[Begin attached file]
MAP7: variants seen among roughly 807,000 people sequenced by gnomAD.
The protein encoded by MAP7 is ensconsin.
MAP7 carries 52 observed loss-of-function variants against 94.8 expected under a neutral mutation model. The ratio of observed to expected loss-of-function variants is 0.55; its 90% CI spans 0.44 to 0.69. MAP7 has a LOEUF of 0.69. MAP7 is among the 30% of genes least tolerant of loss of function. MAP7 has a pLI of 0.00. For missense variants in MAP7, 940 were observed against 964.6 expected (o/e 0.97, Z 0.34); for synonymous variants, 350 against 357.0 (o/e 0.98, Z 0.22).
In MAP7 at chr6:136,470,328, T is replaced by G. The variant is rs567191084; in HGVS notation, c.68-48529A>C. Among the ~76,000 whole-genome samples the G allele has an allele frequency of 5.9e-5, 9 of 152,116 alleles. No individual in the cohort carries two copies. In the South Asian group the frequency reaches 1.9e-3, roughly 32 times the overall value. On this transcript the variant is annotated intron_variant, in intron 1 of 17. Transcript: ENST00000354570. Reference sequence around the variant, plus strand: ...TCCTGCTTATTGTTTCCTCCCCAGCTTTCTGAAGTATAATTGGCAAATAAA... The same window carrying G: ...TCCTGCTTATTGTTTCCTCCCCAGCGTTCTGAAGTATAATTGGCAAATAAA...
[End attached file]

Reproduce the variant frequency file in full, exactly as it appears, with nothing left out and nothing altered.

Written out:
MAP7: variants seen among roughly 807,000 people sequenced by gnomAD.
The protein encoded by MAP7 is ensconsin.
MAP7 carries 52 observed loss-of-function variants against 94.8 expected under a neutral mutation model. The ratio of observed to expected loss-of-function variants is 0.55; its 90% CI spans 0.44 to 0.69. MAP7 has a LOEUF of 0.69. MAP7 is among the 30% of genes least tolerant of loss of function. MAP7 has a pLI of 0.00. For missense variants in MAP7, 940 were observed against 964.6 expected (o/e 0.97, Z 0.34); for synonymous variants, 350 against 357.0 (o/e 0.98, Z 0.22).
In MAP7 at chr6:136,470,328, T is replaced by G. The variant is rs567191084; in HGVS notation, c.68-48529A>C. Among the ~76,000 whole-genome samples the G allele has an allele frequency of 5.9e-5, 9 of 152,116 alleles. No individual in the cohort carries two copies. In the South Asian group the frequency reaches 1.9e-3, roughly 32 times the overall value. On this transcript the variant is annotated intron_variant, in intron 1 of 17. Transcript: ENST00000354570. Reference sequence around the variant, plus strand: ...TCCTGCTTATTGTTTCCTCCCCAGCTTTCTGAAGTATAATTGGCAAATAAA... The same window carrying G: ...TCCTGCTTATTGTTTCCTCCCCAGCGTTCTGAAGTATAATTGGCAAATAAA...